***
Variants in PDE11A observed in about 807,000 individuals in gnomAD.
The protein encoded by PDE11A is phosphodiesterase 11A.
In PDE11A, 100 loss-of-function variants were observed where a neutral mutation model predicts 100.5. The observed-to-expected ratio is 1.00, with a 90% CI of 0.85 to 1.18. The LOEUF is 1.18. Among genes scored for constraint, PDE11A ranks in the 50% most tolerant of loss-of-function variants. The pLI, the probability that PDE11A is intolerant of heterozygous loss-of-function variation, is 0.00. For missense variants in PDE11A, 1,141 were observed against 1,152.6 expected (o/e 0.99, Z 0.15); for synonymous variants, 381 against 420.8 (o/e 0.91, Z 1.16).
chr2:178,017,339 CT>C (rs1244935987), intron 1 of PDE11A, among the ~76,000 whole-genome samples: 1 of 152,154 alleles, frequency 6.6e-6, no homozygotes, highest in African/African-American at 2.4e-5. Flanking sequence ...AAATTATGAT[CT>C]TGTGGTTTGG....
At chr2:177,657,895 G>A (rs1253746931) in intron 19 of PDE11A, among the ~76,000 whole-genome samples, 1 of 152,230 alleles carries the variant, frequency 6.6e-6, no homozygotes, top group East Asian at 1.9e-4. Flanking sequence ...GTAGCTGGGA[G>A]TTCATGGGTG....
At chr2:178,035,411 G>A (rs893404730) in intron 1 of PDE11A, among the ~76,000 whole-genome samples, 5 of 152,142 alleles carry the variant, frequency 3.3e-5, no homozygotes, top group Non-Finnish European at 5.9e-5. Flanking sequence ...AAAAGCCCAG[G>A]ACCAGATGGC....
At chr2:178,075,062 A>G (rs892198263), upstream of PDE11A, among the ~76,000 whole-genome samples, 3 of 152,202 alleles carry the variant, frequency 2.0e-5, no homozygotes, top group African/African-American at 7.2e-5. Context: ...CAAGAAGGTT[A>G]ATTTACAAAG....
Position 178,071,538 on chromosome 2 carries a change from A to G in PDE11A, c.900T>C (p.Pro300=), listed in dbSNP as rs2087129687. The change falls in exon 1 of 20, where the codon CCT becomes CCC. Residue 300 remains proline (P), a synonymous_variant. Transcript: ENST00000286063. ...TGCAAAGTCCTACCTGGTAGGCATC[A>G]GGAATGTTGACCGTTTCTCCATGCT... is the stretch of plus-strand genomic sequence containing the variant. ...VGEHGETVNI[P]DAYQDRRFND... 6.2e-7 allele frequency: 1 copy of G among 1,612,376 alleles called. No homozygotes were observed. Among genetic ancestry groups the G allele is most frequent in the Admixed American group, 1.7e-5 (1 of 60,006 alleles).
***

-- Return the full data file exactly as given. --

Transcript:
Variants in PDE11A observed in about 807,000 individuals in gnomAD.
The protein encoded by PDE11A is phosphodiesterase 11A.
In PDE11A, 100 loss-of-function variants were observed where a neutral mutation model predicts 100.5. The observed-to-expected ratio is 1.00, with a 90% CI of 0.85 to 1.18. The LOEUF is 1.18. Among genes scored for constraint, PDE11A ranks in the 50% most tolerant of loss-of-function variants. The pLI, the probability that PDE11A is intolerant of heterozygous loss-of-function variation, is 0.00. For missense variants in PDE11A, 1,141 were observed against 1,152.6 expected (o/e 0.99, Z 0.15); for synonymous variants, 381 against 420.8 (o/e 0.91, Z 1.16).
chr2:178,017,339 CT>C (rs1244935987), intron 1 of PDE11A, among the ~76,000 whole-genome samples: 1 of 152,154 alleles, frequency 6.6e-6, no homozygotes, highest in African/African-American at 2.4e-5. Flanking sequence ...AAATTATGAT[CT>C]TGTGGTTTGG....
At chr2:177,657,895 G>A (rs1253746931) in intron 19 of PDE11A, among the ~76,000 whole-genome samples, 1 of 152,230 alleles carries the variant, frequency 6.6e-6, no homozygotes, top group East Asian at 1.9e-4. Flanking sequence ...GTAGCTGGGA[G>A]TTCATGGGTG....
At chr2:178,035,411 G>A (rs893404730) in intron 1 of PDE11A, among the ~76,000 whole-genome samples, 5 of 152,142 alleles carry the variant, frequency 3.3e-5, no homozygotes, top group Non-Finnish European at 5.9e-5. Flanking sequence ...AAAAGCCCAG[G>A]ACCAGATGGC....
At chr2:178,075,062 A>G (rs892198263), upstream of PDE11A, among the ~76,000 whole-genome samples, 3 of 152,202 alleles carry the variant, frequency 2.0e-5, no homozygotes, top group African/African-American at 7.2e-5. Context: ...CAAGAAGGTT[A>G]ATTTACAAAG....
Position 178,071,538 on chromosome 2 carries a change from A to G in PDE11A, c.900T>C (p.Pro300=), listed in dbSNP as rs2087129687. The change falls in exon 1 of 20, where the codon CCT becomes CCC. Residue 300 remains proline (P), a synonymous_variant. Transcript: ENST00000286063. ...TGCAAAGTCCTACCTGGTAGGCATC[A>G]GGAATGTTGACCGTTTCTCCATGCT... is the stretch of plus-strand genomic sequence containing the variant. ...VGEHGETVNI[P]DAYQDRRFND... 6.2e-7 allele frequency: 1 copy of G among 1,612,376 alleles called. No homozygotes were observed. Among genetic ancestry groups the G allele is most frequent in the Admixed American group, 1.7e-5 (1 of 60,006 alleles).